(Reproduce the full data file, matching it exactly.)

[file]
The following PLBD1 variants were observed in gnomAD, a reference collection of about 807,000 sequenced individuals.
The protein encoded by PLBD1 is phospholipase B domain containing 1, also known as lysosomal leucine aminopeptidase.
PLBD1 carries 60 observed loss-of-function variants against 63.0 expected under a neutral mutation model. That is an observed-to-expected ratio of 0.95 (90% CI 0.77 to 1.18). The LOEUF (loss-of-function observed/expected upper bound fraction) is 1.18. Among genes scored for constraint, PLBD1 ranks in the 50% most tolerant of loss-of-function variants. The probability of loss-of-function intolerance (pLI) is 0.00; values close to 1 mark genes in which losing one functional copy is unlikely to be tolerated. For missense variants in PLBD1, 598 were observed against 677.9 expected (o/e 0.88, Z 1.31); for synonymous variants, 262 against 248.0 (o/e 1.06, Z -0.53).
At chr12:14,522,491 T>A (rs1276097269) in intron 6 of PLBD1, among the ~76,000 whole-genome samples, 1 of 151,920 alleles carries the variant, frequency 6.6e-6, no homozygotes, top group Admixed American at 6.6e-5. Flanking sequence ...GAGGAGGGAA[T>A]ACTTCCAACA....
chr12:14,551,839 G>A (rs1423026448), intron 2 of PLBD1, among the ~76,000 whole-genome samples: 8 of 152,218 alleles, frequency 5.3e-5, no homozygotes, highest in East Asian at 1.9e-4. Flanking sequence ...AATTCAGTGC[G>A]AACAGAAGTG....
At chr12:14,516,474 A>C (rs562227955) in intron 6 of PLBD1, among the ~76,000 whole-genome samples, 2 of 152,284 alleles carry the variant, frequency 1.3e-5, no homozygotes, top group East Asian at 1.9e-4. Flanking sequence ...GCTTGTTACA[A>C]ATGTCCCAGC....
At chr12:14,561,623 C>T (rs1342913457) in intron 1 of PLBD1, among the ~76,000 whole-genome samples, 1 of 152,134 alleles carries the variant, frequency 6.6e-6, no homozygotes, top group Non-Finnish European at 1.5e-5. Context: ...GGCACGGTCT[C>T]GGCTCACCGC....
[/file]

The following PLBD1 variants were observed in gnomAD, a reference collection of about 807,000 sequenced individuals.
The protein encoded by PLBD1 is phospholipase B domain containing 1, also known as lysosomal leucine aminopeptidase.
PLBD1 carries 60 observed loss-of-function variants against 63.0 expected under a neutral mutation model. That is an observed-to-expected ratio of 0.95 (90% CI 0.77 to 1.18). The LOEUF (loss-of-function observed/expected upper bound fraction) is 1.18. Among genes scored for constraint, PLBD1 ranks in the 50% most tolerant of loss-of-function variants. The probability of loss-of-function intolerance (pLI) is 0.00; values close to 1 mark genes in which losing one functional copy is unlikely to be tolerated. For missense variants in PLBD1, 598 were observed against 677.9 expected (o/e 0.88, Z 1.31); for synonymous variants, 262 against 248.0 (o/e 1.06, Z -0.53).
At chr12:14,522,491 T>A (rs1276097269) in intron 6 of PLBD1, among the ~76,000 whole-genome samples, 1 of 151,920 alleles carries the variant, frequency 6.6e-6, no homozygotes, top group Admixed American at 6.6e-5. Flanking sequence ...GAGGAGGGAA[T>A]ACTTCCAACA....
chr12:14,551,839 G>A (rs1423026448), intron 2 of PLBD1, among the ~76,000 whole-genome samples: 8 of 152,218 alleles, frequency 5.3e-5, no homozygotes, highest in East Asian at 1.9e-4. Flanking sequence ...AATTCAGTGC[G>A]AACAGAAGTG....
At chr12:14,516,474 A>C (rs562227955) in intron 6 of PLBD1, among the ~76,000 whole-genome samples, 2 of 152,284 alleles carry the variant, frequency 1.3e-5, no homozygotes, top group East Asian at 1.9e-4. Flanking sequence ...GCTTGTTACA[A>C]ATGTCCCAGC....
At chr12:14,561,623 C>T (rs1342913457) in intron 1 of PLBD1, among the ~76,000 whole-genome samples, 1 of 152,134 alleles carries the variant, frequency 6.6e-6, no homozygotes, top group Non-Finnish European at 1.5e-5. Context: ...GGCACGGTCT[C>T]GGCTCACCGC....